Friday, June 19, 2009

What's your favorite pie?

Just returned from an incredible trip to Orcas Island, where I had some memorable meals and the best piece of blackberry pie at Cafe Olga. Because we're still weeks away from blackberry season, these berries had to be frozen, but they didn't taste like it.

My frustration with making blackberry pie is the filling is always way too runny. I'm determined to get a handle on this come August, though. (And would appreciate any helpful hints in my quest to make the perfect pie filling.)

As my sister, Laurel, and I savored this generous wedge of bliss, we talked about our all-time favorite pies. Peach and apple and coconut cream. I absolutely love lemon meringue. Why is it so hard to find a good piece of lemon meringue? Yesterday, while driving through Magnolia, I spotted a hopeful sign: Coming soon, Seattle Pie Company. I hope it's the sweet kind of pie, not a pizza joint. Stay tuned for tasting notes.

In the meantime, let's go to that sweet spot: When it comes to pie, what's your favorite flavor?

Wednesday, June 10, 2009

Thinking and drinking pink

I've been on board the rose fan wagon for a few summers now. Lucky me because the numbers of interesting pinks just keeps growing.

I wrote about a few of my faves on Al Dente, but I'm wide open to suggestions. 

As much as I enjoy a crisp, ever-so-slightly fruity pink, it seems to me as though there's a bigger chance of getting a post-wine headache than when drinking reds or whites. Can anybody explain to me why that happens? (And, yes, it is possible it might be about quantity rather than quality. Those roses go down easy, especially with warm weather fare).

Friday, June 5, 2009

Geoducks are cool!!

Been wanting to try making geoduck crudo since having it at Ethan Stowell's Anchovies & Olives shortly after it opened on Cap Hill this winter. Wrote a report on turning the funny looking creature on the left into the delish dish pictured on the right for Al Dente, Amazon's Food Blog on which I'm now a regular contributor.

Like so many wonderful things to eat, this was a pain in the neck to make. But, man, was it tasty. Which makes me wonder: Why isn't geoduck a bigger deal on restaurant menus? Probably a tough sell, but once people try it...

When is it all right to practice a little menu mystery writing? Maybe calling it crudo, serving it as an amuse and getting diners hooked.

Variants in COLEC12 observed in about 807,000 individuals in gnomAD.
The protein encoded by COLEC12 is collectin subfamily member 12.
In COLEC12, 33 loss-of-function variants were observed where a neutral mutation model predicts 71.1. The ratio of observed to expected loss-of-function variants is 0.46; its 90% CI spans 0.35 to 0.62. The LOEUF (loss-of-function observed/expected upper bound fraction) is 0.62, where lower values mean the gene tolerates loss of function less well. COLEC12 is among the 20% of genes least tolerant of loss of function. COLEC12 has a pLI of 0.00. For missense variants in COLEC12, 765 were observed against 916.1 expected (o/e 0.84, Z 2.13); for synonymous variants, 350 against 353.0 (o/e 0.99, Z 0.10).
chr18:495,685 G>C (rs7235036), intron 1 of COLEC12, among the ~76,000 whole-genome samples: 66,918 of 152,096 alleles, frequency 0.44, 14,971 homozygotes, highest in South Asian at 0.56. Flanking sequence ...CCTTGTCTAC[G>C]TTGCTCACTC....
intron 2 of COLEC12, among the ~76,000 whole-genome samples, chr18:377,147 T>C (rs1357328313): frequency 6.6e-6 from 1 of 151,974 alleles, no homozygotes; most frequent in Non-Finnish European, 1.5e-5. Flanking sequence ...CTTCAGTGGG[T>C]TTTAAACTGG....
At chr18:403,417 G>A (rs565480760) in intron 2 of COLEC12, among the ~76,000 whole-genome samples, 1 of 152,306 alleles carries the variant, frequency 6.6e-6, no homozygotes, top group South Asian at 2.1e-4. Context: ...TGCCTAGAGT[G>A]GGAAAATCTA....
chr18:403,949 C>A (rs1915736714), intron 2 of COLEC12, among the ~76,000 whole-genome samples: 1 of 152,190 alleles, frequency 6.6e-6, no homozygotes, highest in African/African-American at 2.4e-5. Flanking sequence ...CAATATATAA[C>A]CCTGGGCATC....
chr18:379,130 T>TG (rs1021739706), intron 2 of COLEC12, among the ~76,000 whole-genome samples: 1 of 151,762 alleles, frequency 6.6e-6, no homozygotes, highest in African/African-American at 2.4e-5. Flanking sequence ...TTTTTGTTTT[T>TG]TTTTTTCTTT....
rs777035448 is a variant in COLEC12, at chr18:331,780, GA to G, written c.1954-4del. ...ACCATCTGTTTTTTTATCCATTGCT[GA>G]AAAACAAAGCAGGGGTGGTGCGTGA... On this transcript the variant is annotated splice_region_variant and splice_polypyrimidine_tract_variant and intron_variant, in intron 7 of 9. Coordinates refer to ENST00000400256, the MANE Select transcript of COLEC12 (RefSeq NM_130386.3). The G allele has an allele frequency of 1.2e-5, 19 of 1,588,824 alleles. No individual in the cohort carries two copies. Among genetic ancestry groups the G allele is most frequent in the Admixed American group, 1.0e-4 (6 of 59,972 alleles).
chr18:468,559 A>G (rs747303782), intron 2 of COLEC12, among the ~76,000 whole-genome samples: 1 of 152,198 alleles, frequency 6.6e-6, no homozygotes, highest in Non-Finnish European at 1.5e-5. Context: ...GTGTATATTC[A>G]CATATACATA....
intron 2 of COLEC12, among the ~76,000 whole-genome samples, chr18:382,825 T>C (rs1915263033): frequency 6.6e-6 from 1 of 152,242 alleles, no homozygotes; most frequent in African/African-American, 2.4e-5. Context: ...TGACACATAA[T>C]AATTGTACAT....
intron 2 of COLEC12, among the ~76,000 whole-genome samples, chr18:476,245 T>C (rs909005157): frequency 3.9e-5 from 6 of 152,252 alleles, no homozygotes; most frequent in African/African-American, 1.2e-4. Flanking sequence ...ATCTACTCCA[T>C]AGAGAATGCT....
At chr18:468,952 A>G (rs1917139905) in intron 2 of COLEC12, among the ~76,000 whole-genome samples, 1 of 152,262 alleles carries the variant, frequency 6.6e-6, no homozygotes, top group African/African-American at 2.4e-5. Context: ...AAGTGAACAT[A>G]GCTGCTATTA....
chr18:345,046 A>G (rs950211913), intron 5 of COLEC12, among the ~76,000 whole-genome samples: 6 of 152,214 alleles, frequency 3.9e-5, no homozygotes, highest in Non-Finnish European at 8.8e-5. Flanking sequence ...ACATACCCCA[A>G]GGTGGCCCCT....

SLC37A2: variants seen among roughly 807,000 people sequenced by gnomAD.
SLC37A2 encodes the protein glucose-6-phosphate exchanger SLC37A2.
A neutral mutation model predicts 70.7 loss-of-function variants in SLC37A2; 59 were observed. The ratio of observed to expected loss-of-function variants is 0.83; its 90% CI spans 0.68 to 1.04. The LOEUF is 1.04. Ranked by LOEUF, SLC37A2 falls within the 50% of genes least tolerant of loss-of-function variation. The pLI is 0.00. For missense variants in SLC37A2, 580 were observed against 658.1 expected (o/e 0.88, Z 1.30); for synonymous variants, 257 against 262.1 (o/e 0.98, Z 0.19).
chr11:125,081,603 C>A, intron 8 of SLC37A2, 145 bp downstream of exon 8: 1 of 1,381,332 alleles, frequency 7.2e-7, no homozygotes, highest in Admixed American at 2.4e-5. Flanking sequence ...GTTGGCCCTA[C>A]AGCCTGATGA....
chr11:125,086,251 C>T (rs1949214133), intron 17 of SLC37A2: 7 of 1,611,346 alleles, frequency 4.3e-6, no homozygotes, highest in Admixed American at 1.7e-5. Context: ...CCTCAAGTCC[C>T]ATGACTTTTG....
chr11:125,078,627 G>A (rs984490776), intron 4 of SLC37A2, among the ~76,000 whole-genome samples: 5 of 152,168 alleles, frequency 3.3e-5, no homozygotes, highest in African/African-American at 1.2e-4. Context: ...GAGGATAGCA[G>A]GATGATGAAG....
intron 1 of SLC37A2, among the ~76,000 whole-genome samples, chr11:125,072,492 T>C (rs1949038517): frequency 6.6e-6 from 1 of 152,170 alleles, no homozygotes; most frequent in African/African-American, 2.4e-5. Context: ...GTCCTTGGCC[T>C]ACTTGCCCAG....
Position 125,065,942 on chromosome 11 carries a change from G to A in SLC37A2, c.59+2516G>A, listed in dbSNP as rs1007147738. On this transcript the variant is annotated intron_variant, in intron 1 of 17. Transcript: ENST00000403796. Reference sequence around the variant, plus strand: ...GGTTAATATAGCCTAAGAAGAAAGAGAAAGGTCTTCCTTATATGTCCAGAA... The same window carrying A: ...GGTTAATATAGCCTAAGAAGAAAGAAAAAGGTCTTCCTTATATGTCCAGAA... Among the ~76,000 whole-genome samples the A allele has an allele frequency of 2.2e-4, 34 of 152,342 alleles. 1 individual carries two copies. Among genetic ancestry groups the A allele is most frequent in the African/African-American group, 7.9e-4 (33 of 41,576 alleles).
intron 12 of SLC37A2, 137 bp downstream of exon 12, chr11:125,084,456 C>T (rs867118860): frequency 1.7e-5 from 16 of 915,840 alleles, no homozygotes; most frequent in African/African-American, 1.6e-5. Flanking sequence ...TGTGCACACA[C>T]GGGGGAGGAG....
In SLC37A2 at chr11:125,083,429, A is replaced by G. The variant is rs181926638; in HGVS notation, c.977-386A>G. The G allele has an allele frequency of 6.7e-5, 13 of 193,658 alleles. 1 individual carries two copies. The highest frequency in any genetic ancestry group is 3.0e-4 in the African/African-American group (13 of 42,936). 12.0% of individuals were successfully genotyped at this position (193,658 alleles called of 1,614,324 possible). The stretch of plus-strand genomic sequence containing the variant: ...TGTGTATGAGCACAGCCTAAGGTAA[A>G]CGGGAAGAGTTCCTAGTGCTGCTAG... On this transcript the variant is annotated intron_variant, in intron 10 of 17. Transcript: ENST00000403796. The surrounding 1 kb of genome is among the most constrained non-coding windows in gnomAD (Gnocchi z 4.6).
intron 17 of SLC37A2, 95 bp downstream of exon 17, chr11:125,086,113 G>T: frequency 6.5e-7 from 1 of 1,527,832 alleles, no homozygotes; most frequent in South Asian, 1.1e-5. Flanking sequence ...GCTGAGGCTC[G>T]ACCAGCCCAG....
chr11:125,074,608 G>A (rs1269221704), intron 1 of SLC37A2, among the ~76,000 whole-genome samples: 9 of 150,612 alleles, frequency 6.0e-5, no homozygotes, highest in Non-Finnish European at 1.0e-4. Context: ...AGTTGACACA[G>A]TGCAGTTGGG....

Here's a short video I made of the geoduck crudo prep.

Tuesday, June 2, 2009

The Pulled Pork Project

OK, I'm cooking for a huge group next weekend for Baby Girl's grad party and decided to experiment by oven-roasting pork shoulder low-and-slow. It was largely prompted by the 99 cents a pound sale on pork shoulder at QFC. A enourmous hunk was less than $4!

Consulted with my BBQ guru, aka The Bottomless Pit, shortened to BP. This is my photog buddy who took me on a four-state, one-day epic BBQ tour a few years ago. (Missouri, Arkansas, Tennessee, Mississippi.) He gave me the in-a-pinch scenerio, which calls for covering the meat in a thinner-style sauce and cooking it at 250 degrees forever and ever. Low and slow and all day long.

Did that on Sunday. Pulled it after it cooled. Beauty chunks. Then, fired up the charcoal to finish it off. Kind of like they do on the flat-top at Big Abe's in Clarksdale, Mississip, at that famous crossroads where bluesman Robert Johnson sold his soul to the devil. Not really, but it makes for a heckuva story.

Had the pork sammies tonight and, gotta say, it was some mighty fine swine. Even if I didn't have the right sauce. (Only a thin sauce from Coopers in Texas, which I mixed with ketchup. Desparate times, desparate measures.)

At the dinner table, we talked about our favorite sauce. Mine's a toss-up between The Bar-B-Q Shop and Rendezvous. Claire loves Central. Ditto for Johnny. Course, those aren't available in Seattle. But I'm gonna try and get some sent. Any others to add to that list? Anything local?